The Como Mamas

Move Upstairs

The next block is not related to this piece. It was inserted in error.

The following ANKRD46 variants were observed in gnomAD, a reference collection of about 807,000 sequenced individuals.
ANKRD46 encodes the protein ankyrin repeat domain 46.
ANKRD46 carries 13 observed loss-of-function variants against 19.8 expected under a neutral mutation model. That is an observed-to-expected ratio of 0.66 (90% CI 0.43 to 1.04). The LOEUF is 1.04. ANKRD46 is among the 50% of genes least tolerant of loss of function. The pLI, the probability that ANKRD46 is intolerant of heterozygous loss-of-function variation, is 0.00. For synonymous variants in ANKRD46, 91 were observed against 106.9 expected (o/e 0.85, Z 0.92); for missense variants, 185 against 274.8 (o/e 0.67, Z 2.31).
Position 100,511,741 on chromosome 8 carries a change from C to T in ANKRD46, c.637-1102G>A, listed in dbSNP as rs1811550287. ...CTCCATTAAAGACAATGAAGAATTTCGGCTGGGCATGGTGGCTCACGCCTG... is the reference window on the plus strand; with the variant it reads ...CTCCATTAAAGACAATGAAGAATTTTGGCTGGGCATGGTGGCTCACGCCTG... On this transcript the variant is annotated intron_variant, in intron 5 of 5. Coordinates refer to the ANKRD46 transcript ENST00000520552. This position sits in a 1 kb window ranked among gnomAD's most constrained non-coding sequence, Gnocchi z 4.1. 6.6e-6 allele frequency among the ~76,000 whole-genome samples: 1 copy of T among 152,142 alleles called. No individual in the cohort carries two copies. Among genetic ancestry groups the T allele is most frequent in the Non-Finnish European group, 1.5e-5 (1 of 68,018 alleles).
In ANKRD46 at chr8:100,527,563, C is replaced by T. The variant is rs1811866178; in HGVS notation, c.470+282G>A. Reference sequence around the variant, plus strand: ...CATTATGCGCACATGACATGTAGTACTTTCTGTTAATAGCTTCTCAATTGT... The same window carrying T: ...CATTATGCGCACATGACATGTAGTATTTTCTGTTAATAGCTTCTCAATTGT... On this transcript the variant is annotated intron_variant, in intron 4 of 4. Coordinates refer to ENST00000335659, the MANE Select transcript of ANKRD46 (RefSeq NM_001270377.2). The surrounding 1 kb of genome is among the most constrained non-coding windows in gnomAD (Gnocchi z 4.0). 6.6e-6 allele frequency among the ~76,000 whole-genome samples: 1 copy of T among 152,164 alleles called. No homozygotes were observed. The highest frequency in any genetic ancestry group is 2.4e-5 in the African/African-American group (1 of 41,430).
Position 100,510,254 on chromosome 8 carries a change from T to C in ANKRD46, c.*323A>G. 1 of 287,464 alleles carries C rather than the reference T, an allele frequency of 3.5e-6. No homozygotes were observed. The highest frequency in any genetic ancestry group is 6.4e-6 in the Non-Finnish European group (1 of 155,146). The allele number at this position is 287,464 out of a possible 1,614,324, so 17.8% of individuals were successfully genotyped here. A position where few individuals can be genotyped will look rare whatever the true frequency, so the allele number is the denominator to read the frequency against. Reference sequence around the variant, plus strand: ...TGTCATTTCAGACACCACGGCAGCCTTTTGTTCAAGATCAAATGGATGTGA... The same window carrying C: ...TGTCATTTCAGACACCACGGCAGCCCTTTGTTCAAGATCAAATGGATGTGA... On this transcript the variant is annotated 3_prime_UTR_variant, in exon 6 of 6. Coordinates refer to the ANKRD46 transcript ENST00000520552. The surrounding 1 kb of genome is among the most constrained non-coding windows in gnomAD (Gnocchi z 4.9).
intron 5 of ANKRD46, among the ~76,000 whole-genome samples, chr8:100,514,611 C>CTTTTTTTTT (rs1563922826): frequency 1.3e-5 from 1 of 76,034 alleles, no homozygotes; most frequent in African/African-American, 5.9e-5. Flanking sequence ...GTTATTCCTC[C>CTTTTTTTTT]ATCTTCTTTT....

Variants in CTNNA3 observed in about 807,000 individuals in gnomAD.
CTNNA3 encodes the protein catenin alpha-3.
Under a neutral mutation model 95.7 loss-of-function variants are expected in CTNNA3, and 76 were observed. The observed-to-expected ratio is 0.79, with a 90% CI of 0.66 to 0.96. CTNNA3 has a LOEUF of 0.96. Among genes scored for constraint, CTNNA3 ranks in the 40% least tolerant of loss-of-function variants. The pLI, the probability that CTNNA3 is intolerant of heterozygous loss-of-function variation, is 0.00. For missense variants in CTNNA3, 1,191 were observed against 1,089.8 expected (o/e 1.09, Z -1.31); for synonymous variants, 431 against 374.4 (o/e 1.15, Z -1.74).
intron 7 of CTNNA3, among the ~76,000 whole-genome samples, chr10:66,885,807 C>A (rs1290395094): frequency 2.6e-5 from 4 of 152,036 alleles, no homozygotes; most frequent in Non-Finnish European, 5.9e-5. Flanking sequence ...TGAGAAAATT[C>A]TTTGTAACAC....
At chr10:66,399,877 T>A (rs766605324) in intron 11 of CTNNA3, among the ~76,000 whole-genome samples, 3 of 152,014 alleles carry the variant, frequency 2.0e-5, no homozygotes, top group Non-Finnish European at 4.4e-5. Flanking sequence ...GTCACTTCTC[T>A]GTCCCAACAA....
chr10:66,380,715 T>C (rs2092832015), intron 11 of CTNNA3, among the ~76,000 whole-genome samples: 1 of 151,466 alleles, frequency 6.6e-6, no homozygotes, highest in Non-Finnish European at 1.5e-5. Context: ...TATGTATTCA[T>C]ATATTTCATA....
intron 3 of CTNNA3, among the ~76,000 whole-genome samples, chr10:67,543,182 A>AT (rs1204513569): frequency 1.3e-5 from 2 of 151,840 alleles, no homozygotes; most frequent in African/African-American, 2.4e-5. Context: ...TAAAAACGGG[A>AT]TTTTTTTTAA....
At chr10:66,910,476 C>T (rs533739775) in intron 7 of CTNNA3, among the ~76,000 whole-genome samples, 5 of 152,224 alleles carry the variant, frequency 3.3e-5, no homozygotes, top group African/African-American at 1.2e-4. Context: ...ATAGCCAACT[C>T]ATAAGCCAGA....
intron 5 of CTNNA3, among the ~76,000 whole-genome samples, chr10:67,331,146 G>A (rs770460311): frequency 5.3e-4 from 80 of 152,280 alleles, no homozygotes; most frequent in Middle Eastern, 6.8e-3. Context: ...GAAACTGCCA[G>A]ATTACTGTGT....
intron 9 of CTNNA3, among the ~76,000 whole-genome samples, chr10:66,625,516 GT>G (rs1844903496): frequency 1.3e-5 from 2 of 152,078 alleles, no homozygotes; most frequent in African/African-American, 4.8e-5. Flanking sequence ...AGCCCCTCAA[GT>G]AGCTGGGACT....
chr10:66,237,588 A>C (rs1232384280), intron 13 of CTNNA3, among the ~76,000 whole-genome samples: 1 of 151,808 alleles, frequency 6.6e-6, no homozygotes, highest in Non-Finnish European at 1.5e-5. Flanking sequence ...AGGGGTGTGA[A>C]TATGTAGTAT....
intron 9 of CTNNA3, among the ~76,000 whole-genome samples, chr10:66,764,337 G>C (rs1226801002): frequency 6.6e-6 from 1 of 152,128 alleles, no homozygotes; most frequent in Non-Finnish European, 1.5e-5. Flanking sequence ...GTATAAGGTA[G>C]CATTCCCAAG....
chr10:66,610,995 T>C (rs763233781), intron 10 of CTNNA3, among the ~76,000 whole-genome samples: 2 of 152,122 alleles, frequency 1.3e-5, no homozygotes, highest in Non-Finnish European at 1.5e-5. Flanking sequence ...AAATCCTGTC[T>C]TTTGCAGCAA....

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The sixth volume in Daptone's gospel series is a return performance by the Como Mamas, a trio of gospel singers from the tiny town in Panola County in northwestern Mississippi. Ester Mae Wilbourn, Angela Taylor, and her sister Della Daniels have been singing together since they were children. The trio appeared on Daptone's excellent compilation Como Now, and their debut full-length date, Get an Understanding, in 2013. Whereas the former album was cut front to back in a single morning in a church, Move Upstairs was captured live at the Daptone House of Soul studio in Brooklyn. Here, the powerful pew-rocking trio is backed by the Glorifiers Band, a studio quartet of label session players: organist/pianist Jimmy Hill, bassist Bosco Mann, guitarist Thomas Brenneck, and drummer Homer Steinweiss. While the amplified accompaniment adds the groove quotient to the Como Mamas' interpretations of deep catalog gospel standards, it doesn't distract from the power and interplay of these voices deliver on their own. Whether it's in the swaying, gutbucket R&B stroll of the title track, the backbeat-driven pulpit funk of "Count Your Blessings," or the deep blues call-and- response of "99 and a Half Won't Do," the effect is the same: Electrifying. The reading of Dorothy Love Coates' nugget "He's Calling Me" offers an arrangement style akin to that of the early Staple Singers, as deep Delta blues and post-Thomas Dorsey gospel entwine: it's raw, immediate, and cannily musical. Back-to-back praise numbers "I Can't Thank Him Enough" and "So Good to Me" showcase startlingly different sides of the Como Mamas' persona. The former is tough soul-gospel with staggered chorus lines underscored by a muted rims hot snare and blues guitar licks; Wilbourn's throaty moan in the latter is buoyed by Daniels' and Taylor's responsorial assents in every line, creating a swing feel, and it's framed by Hill's swelling organ and Mann's bumping bassline. On "Glory Glory Hallelujah," the Como Mamas are a cappella save for an entrancing bass drum. Move Upstairs is an excellent complement to its predecessor. The Como Mamas are among the most rhythmically innovative and effortlessly creative singers in Southern rural gospel. The presence of the Glorifiers adds an exclamation point as gospel music's past and present are seamlessly united. This is nothing less than essential for fans of American roots music.

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